- Ruth Chelimo plies the Eldoret-Huruma Route
- Traffic officers and Kanju Askaris in the region know her on a personal level.
27-year-old Ruth Chelimo is the real definition of a hustler.
Since her academic journey reached a dead end at form two due to a lack of school fees, she has worked as a house help, a construction worker, a waitress, a tout, and is now a proud matatu driver.
The matatu business in Eldoret is dominated by men, but it’s not easy to pick the mother of three from the crowd.
She is an inspiration to many, admired for her headstrong determination and zeal to make a difference.
Unlike the thousands of drivers in the region, Chelimo, who plied the Eldoret-Huruma route, is always clean and on uniform whenever she is on duty.
Her conductor and other colleagues describe her as a hard-working woman who does her best to put food on the table for her family.
“She came here as a tout but she has been able to be licensed as a driver ahead of me because of rare focus and commitment to achieve her desires in whatever she does,” said Njogu, the conductor of the matatu she drives.
Naturally, Chelimo’s life as a tout has not been easy, but she vowed to do her best to earn a living.
Her schedule starts at 5 pm when she wakes up, up to around 10 pm when she heads home.
She says her male colleagues have been supportive, to the extent that she is now comfortable working with them.
They have stood by her and supported her, making her feel at home in an industry that is infamously constituted of rough and rowdy individuals.
According to Chelimo, most of the challenges she faces in her job emanate from her passengers.
For instance, instead of paying the fare through the provided till number, some insist on sending the money via her personal phone number, and then plague her with calls and messages seeking to date her.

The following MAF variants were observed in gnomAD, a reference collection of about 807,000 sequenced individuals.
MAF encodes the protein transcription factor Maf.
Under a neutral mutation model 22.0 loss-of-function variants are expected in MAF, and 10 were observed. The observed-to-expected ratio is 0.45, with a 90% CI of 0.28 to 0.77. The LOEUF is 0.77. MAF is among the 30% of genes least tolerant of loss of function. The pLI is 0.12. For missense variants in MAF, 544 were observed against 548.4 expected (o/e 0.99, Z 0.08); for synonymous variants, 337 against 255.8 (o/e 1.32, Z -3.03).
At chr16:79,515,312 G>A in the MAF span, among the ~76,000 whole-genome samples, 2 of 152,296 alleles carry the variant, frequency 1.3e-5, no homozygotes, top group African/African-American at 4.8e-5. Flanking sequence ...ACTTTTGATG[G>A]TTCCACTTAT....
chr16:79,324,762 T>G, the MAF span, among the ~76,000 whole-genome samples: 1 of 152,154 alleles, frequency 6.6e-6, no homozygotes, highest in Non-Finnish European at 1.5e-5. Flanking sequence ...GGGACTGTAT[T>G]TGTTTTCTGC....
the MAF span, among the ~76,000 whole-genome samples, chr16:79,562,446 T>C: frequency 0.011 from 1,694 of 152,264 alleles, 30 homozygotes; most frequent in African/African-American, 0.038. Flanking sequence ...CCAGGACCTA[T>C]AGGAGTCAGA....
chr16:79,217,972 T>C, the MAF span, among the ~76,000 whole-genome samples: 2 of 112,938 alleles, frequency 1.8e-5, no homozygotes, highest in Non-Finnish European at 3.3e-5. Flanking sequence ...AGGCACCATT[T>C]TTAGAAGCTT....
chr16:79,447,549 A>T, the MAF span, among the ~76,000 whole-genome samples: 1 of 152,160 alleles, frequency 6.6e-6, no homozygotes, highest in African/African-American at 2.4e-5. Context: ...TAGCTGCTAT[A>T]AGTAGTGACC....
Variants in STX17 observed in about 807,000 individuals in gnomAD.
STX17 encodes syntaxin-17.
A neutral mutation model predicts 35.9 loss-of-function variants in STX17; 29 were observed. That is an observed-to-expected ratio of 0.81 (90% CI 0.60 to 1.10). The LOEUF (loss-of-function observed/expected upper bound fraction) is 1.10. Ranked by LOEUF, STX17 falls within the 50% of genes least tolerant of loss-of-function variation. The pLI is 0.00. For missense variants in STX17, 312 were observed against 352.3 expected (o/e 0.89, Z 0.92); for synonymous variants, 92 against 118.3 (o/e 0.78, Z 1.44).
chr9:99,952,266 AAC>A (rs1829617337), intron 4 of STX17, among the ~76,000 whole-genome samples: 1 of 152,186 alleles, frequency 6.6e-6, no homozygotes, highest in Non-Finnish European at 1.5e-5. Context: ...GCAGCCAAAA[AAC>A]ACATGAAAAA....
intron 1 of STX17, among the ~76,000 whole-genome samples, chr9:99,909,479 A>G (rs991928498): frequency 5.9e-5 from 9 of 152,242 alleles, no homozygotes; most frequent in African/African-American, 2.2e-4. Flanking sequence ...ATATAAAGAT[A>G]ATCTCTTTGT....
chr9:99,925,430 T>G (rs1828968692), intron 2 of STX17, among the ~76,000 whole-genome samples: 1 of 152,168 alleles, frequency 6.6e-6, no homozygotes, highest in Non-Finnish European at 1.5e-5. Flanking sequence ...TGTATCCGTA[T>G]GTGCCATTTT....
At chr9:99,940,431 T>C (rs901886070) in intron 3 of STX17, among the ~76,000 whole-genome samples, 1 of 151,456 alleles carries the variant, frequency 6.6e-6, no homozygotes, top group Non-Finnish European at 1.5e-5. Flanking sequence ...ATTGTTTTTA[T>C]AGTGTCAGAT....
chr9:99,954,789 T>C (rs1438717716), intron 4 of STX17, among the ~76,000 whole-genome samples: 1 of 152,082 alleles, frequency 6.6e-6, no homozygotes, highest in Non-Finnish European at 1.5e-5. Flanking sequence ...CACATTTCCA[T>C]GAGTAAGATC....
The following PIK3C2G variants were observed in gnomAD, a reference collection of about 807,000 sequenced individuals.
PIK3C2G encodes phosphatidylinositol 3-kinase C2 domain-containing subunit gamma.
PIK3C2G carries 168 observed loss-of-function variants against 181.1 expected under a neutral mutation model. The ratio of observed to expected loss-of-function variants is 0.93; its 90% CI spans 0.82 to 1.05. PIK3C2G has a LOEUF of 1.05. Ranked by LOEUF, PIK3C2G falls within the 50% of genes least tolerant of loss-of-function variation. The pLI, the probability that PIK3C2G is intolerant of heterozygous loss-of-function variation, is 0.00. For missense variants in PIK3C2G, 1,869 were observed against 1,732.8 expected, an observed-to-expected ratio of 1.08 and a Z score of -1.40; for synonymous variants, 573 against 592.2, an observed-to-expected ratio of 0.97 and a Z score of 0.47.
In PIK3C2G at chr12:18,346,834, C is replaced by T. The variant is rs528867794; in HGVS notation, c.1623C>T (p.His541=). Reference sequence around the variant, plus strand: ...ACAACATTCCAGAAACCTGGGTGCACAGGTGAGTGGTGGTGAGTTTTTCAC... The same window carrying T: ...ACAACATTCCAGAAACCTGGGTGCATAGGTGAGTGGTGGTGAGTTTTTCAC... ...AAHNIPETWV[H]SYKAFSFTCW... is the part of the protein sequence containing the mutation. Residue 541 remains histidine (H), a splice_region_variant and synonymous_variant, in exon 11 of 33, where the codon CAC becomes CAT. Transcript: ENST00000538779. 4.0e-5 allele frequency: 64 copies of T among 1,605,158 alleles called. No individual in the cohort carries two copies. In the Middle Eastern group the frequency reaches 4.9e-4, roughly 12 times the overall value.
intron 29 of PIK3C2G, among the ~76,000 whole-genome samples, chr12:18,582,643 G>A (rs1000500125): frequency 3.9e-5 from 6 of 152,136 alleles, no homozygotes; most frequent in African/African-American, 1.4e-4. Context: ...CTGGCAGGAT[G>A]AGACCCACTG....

Others insist on sitting next to her in the front seat but behave indecently by touching her.
However, she has learned to ignore them politely and focus on her work.
“I simply laugh and turn the same into jokes,” she told The Star.
Some of these characters become her regular passengers while others shamefacedly seek other matatus after failing to get through with their nefarious plans.
Chelimo credits her success in the three years she has worked in the matatu industry to discipline, respect, and making friends.
She considers everyone a friend and rarely clashes with traffic officers or Kanju Askaris because they know her on a personal level.
Despite the hardships, she says she is still young and energetic and has become used to the odd working hours.
Her bosses are just as impressed with her work.
Although she drives an old matatu, her bosses say she is the only driver who has been able to handle the vehicle, with very few challenges.
Her wish is to one day purchase her own Probox, with which she can do business.
For now, she says the money she earns as a matatu driver is enough to cater for her children, her parents, rent, and other needs.
Her call is for young people to embrace opportunities and work hard without discrimination, which is the only way they will be able to make it in this harsh economy.